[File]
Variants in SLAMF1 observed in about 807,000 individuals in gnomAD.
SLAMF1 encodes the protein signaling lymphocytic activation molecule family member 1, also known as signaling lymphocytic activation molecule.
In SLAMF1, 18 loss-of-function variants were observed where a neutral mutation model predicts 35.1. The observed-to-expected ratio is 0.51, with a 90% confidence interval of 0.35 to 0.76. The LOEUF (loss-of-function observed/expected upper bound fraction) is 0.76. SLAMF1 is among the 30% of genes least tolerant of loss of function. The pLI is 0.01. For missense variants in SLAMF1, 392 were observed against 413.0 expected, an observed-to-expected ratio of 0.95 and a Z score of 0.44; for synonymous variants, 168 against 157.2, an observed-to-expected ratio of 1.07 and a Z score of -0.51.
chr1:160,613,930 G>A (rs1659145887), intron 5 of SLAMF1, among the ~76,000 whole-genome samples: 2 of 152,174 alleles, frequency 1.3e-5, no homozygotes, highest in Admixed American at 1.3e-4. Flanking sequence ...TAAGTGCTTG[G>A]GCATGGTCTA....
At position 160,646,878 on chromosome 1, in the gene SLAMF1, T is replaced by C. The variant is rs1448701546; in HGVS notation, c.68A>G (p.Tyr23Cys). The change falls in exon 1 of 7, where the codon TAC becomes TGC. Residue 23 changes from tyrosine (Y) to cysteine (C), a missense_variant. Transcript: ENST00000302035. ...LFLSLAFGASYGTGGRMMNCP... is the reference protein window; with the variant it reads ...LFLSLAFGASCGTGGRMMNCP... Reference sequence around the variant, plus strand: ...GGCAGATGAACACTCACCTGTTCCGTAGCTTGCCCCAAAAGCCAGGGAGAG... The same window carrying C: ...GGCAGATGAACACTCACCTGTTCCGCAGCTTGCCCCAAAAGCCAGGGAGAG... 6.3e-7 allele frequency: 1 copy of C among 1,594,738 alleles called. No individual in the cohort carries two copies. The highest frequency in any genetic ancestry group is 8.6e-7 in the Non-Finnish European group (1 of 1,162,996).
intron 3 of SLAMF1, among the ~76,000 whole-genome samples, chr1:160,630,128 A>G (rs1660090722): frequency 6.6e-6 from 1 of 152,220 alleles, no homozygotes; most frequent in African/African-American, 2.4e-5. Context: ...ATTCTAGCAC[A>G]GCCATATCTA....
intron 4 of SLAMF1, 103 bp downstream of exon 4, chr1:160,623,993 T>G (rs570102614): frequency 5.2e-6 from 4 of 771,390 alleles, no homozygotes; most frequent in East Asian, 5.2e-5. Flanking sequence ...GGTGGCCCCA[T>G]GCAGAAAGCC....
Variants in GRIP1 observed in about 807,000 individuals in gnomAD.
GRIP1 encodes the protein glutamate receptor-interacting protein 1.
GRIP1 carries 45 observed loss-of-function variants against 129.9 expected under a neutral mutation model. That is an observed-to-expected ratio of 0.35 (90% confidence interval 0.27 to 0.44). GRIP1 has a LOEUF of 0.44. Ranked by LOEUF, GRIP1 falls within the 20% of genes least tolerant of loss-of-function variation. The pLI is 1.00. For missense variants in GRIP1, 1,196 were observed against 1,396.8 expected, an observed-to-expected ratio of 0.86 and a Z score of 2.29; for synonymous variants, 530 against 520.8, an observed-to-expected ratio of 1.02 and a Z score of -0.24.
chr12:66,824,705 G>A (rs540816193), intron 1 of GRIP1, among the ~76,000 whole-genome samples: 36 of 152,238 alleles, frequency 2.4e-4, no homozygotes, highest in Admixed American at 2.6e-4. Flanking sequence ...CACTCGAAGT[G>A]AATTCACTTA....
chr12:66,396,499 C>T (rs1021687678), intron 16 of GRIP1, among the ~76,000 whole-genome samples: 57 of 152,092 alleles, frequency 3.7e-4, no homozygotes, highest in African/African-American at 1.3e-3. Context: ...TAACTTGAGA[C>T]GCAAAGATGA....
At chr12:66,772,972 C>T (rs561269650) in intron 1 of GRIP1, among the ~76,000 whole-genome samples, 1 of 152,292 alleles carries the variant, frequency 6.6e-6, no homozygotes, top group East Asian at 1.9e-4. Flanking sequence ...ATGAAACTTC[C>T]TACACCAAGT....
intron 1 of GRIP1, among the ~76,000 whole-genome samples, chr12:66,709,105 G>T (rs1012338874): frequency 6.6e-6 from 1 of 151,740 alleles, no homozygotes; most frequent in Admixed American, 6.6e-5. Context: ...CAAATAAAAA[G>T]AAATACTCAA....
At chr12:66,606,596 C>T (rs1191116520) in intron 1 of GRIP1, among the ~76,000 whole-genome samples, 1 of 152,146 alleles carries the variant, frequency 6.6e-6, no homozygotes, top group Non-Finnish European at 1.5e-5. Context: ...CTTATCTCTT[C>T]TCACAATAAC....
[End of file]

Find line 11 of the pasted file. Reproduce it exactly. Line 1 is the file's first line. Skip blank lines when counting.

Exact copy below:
chr12:66,824,705 G>A (rs540816193), intron 1 of GRIP1, among the ~76,000 whole-genome samples: 36 of 152,238 alleles, frequency 2.4e-4, no homozygotes, highest in Admixed American at 2.6e-4. Flanking sequence ...CACTCGAAGT[G>A]AATTCACTTA....